A complex recipe involving many techniques and ingredients to recreate the taste and look of an actual marine rock pool.


  • Oyster

  • 8 large Pacific oysters, e.g. Coffin Bay or Barilla Bay

  • Abalone

  • 2 medium-sized farmed abalone, removed from shell and cleaned

  • 6g aromatic stock

  • Fish stock

  • 300g snapper head and spine

  • 25g carrot

  • 67g white onion

  • 33g leek (white only)

  • 7g white wine

  • 1 parsley stalk

  • 1 litre purified water

  • Mussel stock

  • 900g mussels, scrubbed clean and without barnacles

  • 650g fish stock

  • Aromatic stock

  • 1 litre purified water

  • 67.5g ginger

  • 60g lemongrass

  • 2.25g kaffir lime leaf

  • 1g galangal

  • Mackerel stock

  • 1kg whole slimy mackerel

  • Olive oil to dress

  • 500ml purified water

  • Mackerel gel

  • 50ml mackerel stock

  • 3g kuzu

  • Buckwheat

  • 20g buckwheat

  • 250ml water

  • 2g salt

  • olive oil

  • Lemon confit

  • Zest of half a lemon (no pith) cut into 3cm long fine strips

  • 200ml water

  • 50g sugar

  • Grapefruit jelly

  • 125ml grapefruit juice

  • 0.9g agar agar

  • Wakame

  • 4g ground wakame

  • Snow pea

  • 32g finely sliced snowpea

  • Mackerel gel to bind


  • For the oyster:

  • 1.

    Shuck the oysters and remove them from their shells reserving their juice. Rinse the oysters in the reserved juice, taking care to ensure that there is no grit or shell present. Lay the oysters on paper towel to dry

  • 2.

    The oysters will be sealed at the time of service so it is important that they are free of any surface liquid. Leave them on the paper in an airtight container until needed

  • For the abalone:

  • 1.

    Remove abalone from their shells and clean them, removing the digestive tract and any slime that may be present

  • 2.

    Place the abalone into a vacuum bag with the aromatic stock and seal with maximum pressure Cook the abalone for 12 hours in a water bath set at 95°C

  • 3.

    Once cooked place the abalone, still in the bag, in a blast chiller bringing them down to 3°C as quickly as possible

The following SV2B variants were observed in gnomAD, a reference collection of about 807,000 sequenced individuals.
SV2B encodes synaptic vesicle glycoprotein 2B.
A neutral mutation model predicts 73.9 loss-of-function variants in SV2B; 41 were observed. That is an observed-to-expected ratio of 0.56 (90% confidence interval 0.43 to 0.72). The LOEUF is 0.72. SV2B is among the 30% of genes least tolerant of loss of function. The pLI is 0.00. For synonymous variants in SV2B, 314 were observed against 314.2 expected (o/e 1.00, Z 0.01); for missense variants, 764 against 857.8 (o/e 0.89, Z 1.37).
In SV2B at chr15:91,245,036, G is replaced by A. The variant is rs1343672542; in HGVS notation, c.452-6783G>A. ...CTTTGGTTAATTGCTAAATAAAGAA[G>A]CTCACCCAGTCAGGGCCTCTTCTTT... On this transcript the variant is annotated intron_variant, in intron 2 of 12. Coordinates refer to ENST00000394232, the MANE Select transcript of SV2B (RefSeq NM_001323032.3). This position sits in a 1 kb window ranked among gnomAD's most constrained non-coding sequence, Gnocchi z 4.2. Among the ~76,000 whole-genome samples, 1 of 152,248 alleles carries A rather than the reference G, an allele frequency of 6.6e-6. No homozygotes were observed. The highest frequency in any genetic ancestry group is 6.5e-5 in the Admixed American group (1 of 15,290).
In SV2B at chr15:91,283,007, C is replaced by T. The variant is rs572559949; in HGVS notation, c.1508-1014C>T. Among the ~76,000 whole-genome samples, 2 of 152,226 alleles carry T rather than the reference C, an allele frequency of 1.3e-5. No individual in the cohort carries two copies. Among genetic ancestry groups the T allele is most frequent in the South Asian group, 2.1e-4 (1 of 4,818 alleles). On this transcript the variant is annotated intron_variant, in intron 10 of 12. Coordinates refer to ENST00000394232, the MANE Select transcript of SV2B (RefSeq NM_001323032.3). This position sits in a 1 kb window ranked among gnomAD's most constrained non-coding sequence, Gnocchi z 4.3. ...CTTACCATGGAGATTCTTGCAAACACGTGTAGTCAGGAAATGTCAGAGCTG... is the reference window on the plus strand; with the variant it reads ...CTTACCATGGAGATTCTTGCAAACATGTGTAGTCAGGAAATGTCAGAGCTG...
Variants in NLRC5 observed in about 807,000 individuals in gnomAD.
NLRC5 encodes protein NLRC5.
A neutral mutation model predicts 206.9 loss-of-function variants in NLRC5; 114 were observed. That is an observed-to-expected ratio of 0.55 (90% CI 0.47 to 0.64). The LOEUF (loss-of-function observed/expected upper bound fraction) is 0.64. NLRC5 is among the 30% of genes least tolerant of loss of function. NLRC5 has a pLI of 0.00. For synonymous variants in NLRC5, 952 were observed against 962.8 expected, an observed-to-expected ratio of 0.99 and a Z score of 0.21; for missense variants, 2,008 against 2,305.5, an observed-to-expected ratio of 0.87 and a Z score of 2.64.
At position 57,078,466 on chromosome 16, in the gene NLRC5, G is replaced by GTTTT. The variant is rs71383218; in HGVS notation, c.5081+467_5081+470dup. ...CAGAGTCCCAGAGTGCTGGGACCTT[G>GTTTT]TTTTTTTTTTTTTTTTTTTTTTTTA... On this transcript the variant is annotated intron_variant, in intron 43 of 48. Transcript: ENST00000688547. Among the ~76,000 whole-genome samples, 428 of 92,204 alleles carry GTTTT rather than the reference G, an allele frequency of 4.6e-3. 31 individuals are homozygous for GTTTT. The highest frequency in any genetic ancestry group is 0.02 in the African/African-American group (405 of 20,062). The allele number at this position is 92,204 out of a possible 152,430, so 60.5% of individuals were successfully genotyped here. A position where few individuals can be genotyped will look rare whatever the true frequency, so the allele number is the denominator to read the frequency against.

• 4.

    Remove the abalone and slice them into fine slices allowing 3 slices per portion. Place portioned slices between grease proof paper until needed. Reserve refrigerated

  • For the fish stock:

  • 1.

    Clean the fish head and bones removing eyes, gills and any blood

  • 2.

    Peel and dice all vegetables ensuring that they are the same size

  • 3.

    Combine all ingredients in a small stock pot and on a low heat bring to a gentle simmer. Skim any impurities that come to the surface

  • 4.

    Allow the stock to cook for 2 hours or until the flavour is a balance of cooked fish and vegetable

  • 5.

    Strain the stock through a fine strainer and reserve until needed

  • For the mussel stock:

  • 1.

    Scrub the mussels with steel wool making sure that all barnacles and grit are completely removed

  • 2.

    Rinse the mussels in fresh water and combine them in a pot with the fish stock. Place a lid on the pot and on a low heat bring the liquid to a very gentle simmer

  • 3.

    Allow the stock to simmer for 40 minutes and for the juices from the mussels to combine and cook with the fish stock

  • 4.

    Strain the resulting liquid through a fine strainer and chill it rapidly. Reserve the mussel stock in a vacuum bag until needed

  • For the aromatic stock:

  • 1.

    Peel the ginger and slice it finely

  • 2.

    Smash the lemongrass to release its flavour and slice it into fine rounds

  • 3.

    Peel galangal and slice it

  • 4.

    Roughly chop the lime leaf

  • 5.

    Bring the water to the boil and as it breaks add all the ingredients. Quickly seal the pot with film so that the aroma does not escape. Let infuse for 20 minutes and then strain

  • 6.

    Reserve the liquid vacuum sealed and refrigerated until needed

  • For the mackerel stock:

  • 1.